Midwest Coatings Inc v. Sherwin-Williams Company The et al

Filing 34

ORDER granting in part and denying in part 23 Sherwin-Williamss Motion to Dismiss. The manufacturers products liability and negligence claims asserted against Sherwin-Williams are hereby dismissed without prejudice. Midwest is granted leave to further amend its Complaint within 14 days of the date of this Order. Absent any such amendment, the sole claim remaining against Sherwin-Williams is for breach of warranty. Signed by Honorable Timothy D. DeGiusti on 1/26/17. (ml)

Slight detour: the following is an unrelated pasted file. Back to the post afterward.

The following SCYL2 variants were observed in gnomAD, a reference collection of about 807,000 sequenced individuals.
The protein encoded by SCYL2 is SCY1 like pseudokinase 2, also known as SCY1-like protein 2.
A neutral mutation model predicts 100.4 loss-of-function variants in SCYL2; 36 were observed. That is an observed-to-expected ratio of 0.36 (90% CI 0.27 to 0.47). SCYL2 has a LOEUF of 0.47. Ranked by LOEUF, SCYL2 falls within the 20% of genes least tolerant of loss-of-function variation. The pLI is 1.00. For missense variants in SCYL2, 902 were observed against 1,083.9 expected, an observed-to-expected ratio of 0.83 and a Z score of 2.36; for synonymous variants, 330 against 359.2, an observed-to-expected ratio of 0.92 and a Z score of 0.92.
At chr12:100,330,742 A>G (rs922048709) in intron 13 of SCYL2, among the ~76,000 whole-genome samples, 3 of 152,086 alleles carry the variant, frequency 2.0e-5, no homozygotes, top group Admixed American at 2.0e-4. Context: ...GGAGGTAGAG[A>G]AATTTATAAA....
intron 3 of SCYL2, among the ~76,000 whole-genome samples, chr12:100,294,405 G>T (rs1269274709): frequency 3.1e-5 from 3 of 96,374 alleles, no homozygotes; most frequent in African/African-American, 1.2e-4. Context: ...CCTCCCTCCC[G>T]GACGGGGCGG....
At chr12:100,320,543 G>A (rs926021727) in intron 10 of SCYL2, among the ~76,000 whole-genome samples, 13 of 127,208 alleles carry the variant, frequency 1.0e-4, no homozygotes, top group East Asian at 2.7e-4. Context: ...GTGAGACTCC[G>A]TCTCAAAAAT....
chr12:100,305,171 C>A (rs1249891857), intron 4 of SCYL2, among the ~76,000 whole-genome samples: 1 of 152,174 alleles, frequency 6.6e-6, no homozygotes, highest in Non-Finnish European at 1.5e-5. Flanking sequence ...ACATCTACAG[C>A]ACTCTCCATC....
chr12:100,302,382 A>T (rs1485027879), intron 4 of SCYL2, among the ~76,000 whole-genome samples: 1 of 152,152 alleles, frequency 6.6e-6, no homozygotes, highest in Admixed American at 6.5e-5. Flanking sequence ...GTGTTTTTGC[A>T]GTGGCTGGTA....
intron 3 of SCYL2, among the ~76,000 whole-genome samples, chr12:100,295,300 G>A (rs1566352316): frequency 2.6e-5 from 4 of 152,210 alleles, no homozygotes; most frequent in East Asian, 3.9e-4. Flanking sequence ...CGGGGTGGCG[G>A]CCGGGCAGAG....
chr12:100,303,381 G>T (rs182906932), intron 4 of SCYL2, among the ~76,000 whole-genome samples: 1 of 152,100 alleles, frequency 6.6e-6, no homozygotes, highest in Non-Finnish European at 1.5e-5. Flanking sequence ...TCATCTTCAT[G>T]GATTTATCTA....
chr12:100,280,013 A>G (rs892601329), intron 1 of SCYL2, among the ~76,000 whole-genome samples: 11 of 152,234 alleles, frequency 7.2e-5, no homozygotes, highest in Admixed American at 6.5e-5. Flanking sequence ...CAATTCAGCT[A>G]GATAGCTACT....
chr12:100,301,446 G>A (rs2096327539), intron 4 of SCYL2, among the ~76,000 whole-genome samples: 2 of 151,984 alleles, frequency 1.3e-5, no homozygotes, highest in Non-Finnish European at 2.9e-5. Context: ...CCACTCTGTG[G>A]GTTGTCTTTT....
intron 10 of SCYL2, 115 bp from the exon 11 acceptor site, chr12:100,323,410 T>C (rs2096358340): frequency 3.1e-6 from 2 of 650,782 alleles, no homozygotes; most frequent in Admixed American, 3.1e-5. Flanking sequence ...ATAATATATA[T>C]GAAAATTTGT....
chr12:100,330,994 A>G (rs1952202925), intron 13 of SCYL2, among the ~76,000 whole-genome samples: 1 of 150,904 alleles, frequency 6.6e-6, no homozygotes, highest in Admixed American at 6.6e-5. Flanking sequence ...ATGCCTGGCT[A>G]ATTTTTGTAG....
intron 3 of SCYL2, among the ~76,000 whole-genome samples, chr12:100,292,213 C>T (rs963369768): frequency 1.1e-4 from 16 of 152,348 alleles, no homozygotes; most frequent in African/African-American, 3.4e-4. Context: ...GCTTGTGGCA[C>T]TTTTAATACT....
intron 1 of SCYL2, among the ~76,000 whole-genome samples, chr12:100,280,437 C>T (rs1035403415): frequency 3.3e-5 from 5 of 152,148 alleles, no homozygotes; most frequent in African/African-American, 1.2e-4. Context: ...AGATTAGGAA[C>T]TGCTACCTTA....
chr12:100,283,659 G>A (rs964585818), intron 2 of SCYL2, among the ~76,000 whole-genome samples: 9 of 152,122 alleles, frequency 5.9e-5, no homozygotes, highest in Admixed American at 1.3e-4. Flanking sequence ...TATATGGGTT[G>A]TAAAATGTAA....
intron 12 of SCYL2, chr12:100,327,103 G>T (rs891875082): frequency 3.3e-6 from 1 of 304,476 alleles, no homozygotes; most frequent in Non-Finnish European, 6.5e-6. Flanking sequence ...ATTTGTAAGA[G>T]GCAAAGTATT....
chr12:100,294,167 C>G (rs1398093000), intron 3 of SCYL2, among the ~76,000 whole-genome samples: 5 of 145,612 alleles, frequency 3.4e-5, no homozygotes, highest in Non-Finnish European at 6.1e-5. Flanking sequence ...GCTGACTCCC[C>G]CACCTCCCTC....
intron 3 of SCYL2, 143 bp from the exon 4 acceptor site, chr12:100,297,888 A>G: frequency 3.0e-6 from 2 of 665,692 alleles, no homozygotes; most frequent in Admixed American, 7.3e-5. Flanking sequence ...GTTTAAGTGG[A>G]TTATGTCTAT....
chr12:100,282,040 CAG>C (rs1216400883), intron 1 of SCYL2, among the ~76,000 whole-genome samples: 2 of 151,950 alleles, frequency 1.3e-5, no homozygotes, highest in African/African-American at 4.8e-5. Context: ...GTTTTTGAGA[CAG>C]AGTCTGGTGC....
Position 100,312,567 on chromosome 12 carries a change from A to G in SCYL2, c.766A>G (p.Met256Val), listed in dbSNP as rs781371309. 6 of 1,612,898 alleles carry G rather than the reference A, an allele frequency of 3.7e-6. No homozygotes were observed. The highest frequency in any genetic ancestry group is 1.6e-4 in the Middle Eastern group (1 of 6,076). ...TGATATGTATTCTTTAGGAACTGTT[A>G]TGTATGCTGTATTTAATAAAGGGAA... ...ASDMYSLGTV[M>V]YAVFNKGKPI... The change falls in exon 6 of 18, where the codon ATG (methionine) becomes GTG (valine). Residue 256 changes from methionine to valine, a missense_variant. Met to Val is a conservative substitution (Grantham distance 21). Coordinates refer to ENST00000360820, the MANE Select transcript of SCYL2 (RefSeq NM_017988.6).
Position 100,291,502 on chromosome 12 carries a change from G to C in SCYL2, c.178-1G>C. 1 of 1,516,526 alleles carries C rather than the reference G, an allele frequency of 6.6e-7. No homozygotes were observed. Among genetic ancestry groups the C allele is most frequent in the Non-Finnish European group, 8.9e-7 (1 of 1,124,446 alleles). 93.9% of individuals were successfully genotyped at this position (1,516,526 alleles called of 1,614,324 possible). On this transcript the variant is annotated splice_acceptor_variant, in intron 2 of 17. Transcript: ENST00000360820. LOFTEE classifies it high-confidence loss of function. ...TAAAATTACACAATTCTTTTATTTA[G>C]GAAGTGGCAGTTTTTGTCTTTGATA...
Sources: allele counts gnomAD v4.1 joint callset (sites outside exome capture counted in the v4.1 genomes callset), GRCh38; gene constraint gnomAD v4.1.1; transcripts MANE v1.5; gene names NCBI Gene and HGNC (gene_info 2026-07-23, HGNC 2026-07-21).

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IN THE UNITED STATES DISTRICT COURT FOR THE WESTERN DISTRICT OF OKLAHOMA MIDWEST COATINGS, INC., an Oklahoma corporation, ) ) ) Plaintiff, ) ) v. ) ) THE SHERWIN-WILLIAMS ) COMPANY, a foreign corporation, and ) CAROLLO ENGINEERS, P.C., a/k/a ) CAROLLO ENGINEERS, INC., ) a foreign corporation, ) ) Defendants. ) Case No. CIV-15-1363-D ORDER Before the Court is Defendant The Sherwin-Williams Company’s (“SherwinWilliams”) Motion to Dismiss Plaintiff’s Amended Complaint [Doc. No. 23], filed pursuant to Fed. R. Civ. P. 12(b)(6). Plaintiff Midwest Coatings, Inc. (“Midwest”) has responded in opposition [Doc. No. 26], and Sherwin-Williams has replied [Doc. No. 27]. The Motion is fully briefed and at issue. Midwest brings this manufacturer’s products liability suit, alleging1 the “Tank Clad HS” coating system sold by Sherwin-Williams and applied to clarifiers at the Project2 1 In its Response, Midwest contends that the facts alleged in its Amended Complaint “support several viable theories of recovery against Sherwin-Williams, including breach of contract.” Resp. [Doc. No. 26] at 5; see also id. at 5 n.1; Exs. 1 and 2 [Doc. Nos. 26-1 and 26-2]. However, a claim for breach of contract is not evident within the four-corners of the Amended Complaint, and therefore, will not be addressed herein. See Ashcroft v. Iqbal, 556 U.S. 662, 674 (2009). 2 The subject project is the Norman Water Treatment Plant Expansion Project, Phase I – Owner’s Project No. 7886A (the “Project”). See Am. Compl. [Doc. No. 21] at 2. blistered, necessitating “repairs to the coating on Clarifier #3 and Clarifier #4.” Am. Compl. [Doc. No. 21] at 3. Midwest further alleges Sherwin-Williams was negligent in failing “to furnish materials which conformed to the Project plans and specifications and/or were otherwise fit for their intended purpose,” and that such negligence was the proximate cause of Midwest’s damages. Id. Lastly, Midwest alleges that, by failing to provide “materials which complied with Project specifications,” Sherwin-Williams breached express and implied “duties” owed to Midwest.3 Id. Midwest claims damages in excess of $75,000, and requests interest, costs, and attorney’s fees. Sherwin-Williams moves to dismiss claims against it, asserting: (1) the economic loss doctrine bars recovery in tort and requires dismissal of the manufacturer’s products liability and negligence claims;4 and (2) Midwest is not entitled to attorney’s fees because no Oklahoma statute authorizes such relief to the prevailing party in a manufacturer’s liability action. Standard of Decision “To survive a motion to dismiss, a complaint must contain sufficient factual matter, accepted as true, to ‘state a claim to relief that is plausible on its face.’” Ashcroft, 556 U.S. 3 Sherwin-Williams construes the breach of “duties” language in the Amended Complaint as part of Midwest’s negligence claim. See Mot. [Doc. No. 23] at 2 n.1. The Court declines such reading, and finds the facts alleged are sufficient to give Sherwin-Williams fair notice of the breach of warranty claim and the grounds upon which it rests. See Erickson v. Pardus, 551 U.S. 89, 93 (2007); see also Khalik v. United Air Lines, 671 F.3d 1188, 1191 (10th Cir. 2012) (noting that although “the elements of each alleged cause of action help to determine whether . . . a plausible claim” has been set forth, a plaintiff is not required to “establish a prima facie case in her complaint”) (citations omitted). 4 Sherwin-Williams also claims the economic loss doctrine bars recovery for indemnification, however, Midwest admits that it is not asserting claims for indemnification. See Resp. [Doc. No. 26] at 6. 2 at 678 (quoting Bell Atlantic Corp. v. Twombly, 550 U.S. 554, 570 (2007)). “A claim has facial plausibility when the plaintiff pleads factual content that allows the court to draw the reasonable inference that the defendant is liable for the misconduct alleged.” Id. The complaint must “‘give the defendant fair notice of what the . . . claim is and the grounds upon which it rests.’” Erickson, 551 U.S. at 93 (quoting Twombly, 550 U.S. at 555). Where dismissal is granted for failure to state a claim, the Court should grant leave to amend freely “if it appears at all possible that the plaintiff can correct the defect.” Triplett v. Leflore Cty., Okla., 712 F.2d 444, 446 (10th Cir. 1983). Discussion A. Economic Loss Doctrine In East River S.S. Corp. v. Transamerica Delaval, Inc., 476 U.S. 858 (1986), the United States Supreme Court held that “whether stated in negligence or strict liability, no products-liability claim lies . . . when the only injury claimed is economic loss.” Id. at 876. This holding became known as the economic loss doctrine. The Oklahoma Supreme Court, which adopted the doctrine in Waggoner v. Town & Country Mobile Homes, Inc., 808 P.2d 649 (Okla. 1990), held that “no action lies in manufacturers’ products liability for injury only to the product itself resulting in purely economic loss.” Id. at 653. The Oklahoma Supreme Court expounded on the doctrine in Oklahoma Gas & Elec. Co. v. McGraw-Edison Co., 834 P.2d 980 (Okla. 1992), when it held that a plaintiff may not recover in tort for damages categorized as “consequential harm flowing from” injury to the product itself. Id. at 982. 3 Sherwin-Williams contends the economic loss doctrine bars Midwest from recovery because the Amended Complaint fails to allege “any personal injury or damage to property other than the coating.” Mot. [Doc. No. 23] at 5. Midwest argues that its products liability and negligence claims should be allowed to proceed under Friesen v. Erb, No. CIV-10-0140C, 2012 WL 1142901, *1 (W.D. Okla. Apr. 5, 2012), which held that “[w]hile Plaintiff’s damages may be classified as purely economic, they are not damages limited to the product itself . . . . [T]hey are outside the scope of the limitations set forth in Waggoner and are a permissible type of damages under Oklahoma law.” Id.5 After careful consideration, the Court finds that the economic loss doctrine is applicable to the present action. The allegations of damage as set forth in the Amended Complaint are properly categorized as economic injury to the product and consequential harm flowing from that injury. Because, “a manufacturer . . . has no duty under either a negligence or strict products-liability theory to prevent a product from injuring itself,” E. River S.S. Corp., 476 U.S. at 871, Midwest’s products liability and negligence claims are hereby dismissed, and Sherwin-Williams’s Motionon this ground is granted. B. Attorney’s Fees Sherwin-Williams contends Midwest failed to state a plausible claim for attorney’s fees. The American Rule provides the “basic point of reference” for an award of attorney’s 5 In its Response, Midwest asserts “the clarifiers were also damaged by the blistering in the coating system.” Resp. [Doc. No. 26] at 4. However, because this information is outside the pleadings, and the Court does not choose to treat Sherwin-Williams’s Motion as one for summary judgment, such information will not be considered here. See Fed. R. Civ. P. 12(d). 4 fees: “Each litigant pays his own attorney’s fees, win or lose, unless a statute or contract provides otherwise.” Baker Botts L.L.P. v. ASARCO LLC, __ U.S. __, 135 S.Ct. 2158, 2161 (2015) (citations omitted). “Because the rule is deeply rooted in the common law,” courts are not to deviate from it “absent explicit statutory authority.” Id. Relying on Lewis v. Fed.Pac. Ele. Co., 743 P.2d 151 (Okla. 1987) (cert. denied), Sherwin-Williams contends there are no Oklahoma statutes entitling Midwest to attorney’s fees in a manufacturer’s liability suit. See Mot. [Doc. No. 23] at 7 (quoting Lewis, 743 P.2d at 152, that “there are no Oklahoma statutes authorizing attorney fees to the prevailing party in manufacturer’s product liability actions”) (emphasis omitted). Sherwin-Williams’s Motion on this issue is denied on two grounds. First, the Motion is premature. Only a prevailing party is entitled to attorney’s fees; no such determination has been made in this case. Second, a motion to dismiss is an improper vehicle for the dismissal of a prayer for relief, which is not part of the cause of action. See Daniels v. Thomas, 225 F.2d 795, 797 (10th Cir. 1955) (“[I]t is well settled that the prayer for relief is [not] part of the cause of action[.]”); see also 5 Charles Alan Wright & Arthur R. Miller, Federal Practice and Procedure § 1255 at 508-09 (3d ed. 2004) (noting a “demand for judgment is not considered part of the claim . . . . [and therefore,] the selection of an improper remedy in the . . . demand for relief will not be fatal to a party’s pleading if the statement of the claim indicates the pleader may be entitled to relief of some other type.”); Schoonover v. Schoonover, 172 F.2d 526, 530 (10th Cir. 1949) (Because “the prayer forms no part of the cause of action, . . . a pleader will be entitled to the relief made out by the case and stated in 5 the pleadings, irrespective of what is asked for in the prayer.”); Douglas v. Miller, 864 F. Supp. 2d 1205, 1220 (W.D. Okla. Mar. 30, 2012) (“[W]hether [punitive] damages are recoverable is not a proper subject for adjudication in a Rule 12(b)(6) motion, as the prayer for relief is not a part of the cause of action.”) (citations omitted). Accordingly, dismissing Midwest’s prayer for relief, which includes a request for the prevailing party’s attorney’s fees and costs, is inappropriate at this stage of the proceedings. Conclusion Therefore, Sherwin-Williams’s Motion to Dismiss [Doc. No. 23] is GRANTED in part and DENIED in part, as set forth above. The manufacturer’s products liability and negligence claims asserted against Sherwin-Williams are hereby dismissed without prejudice. Midwest is granted leave to further amend its Complaint within 14 days of the date of this Order. Absent any such amendment, the sole claim remaining against Sherwin-Williams is for breach of warranty.6 IT IS SO ORDERED this 26th day of January, 2017. 6 “Damage to a product itself is most naturally understood as a warranty claim,” because “[t]he maintenance of product value and quality is precisely the purpose of express and implied warranties. Therefore, a claim of a nonworking product can be brought as a breach-of-warranty action.” E. River S.S. Corp., 476 U.S. at 872. 6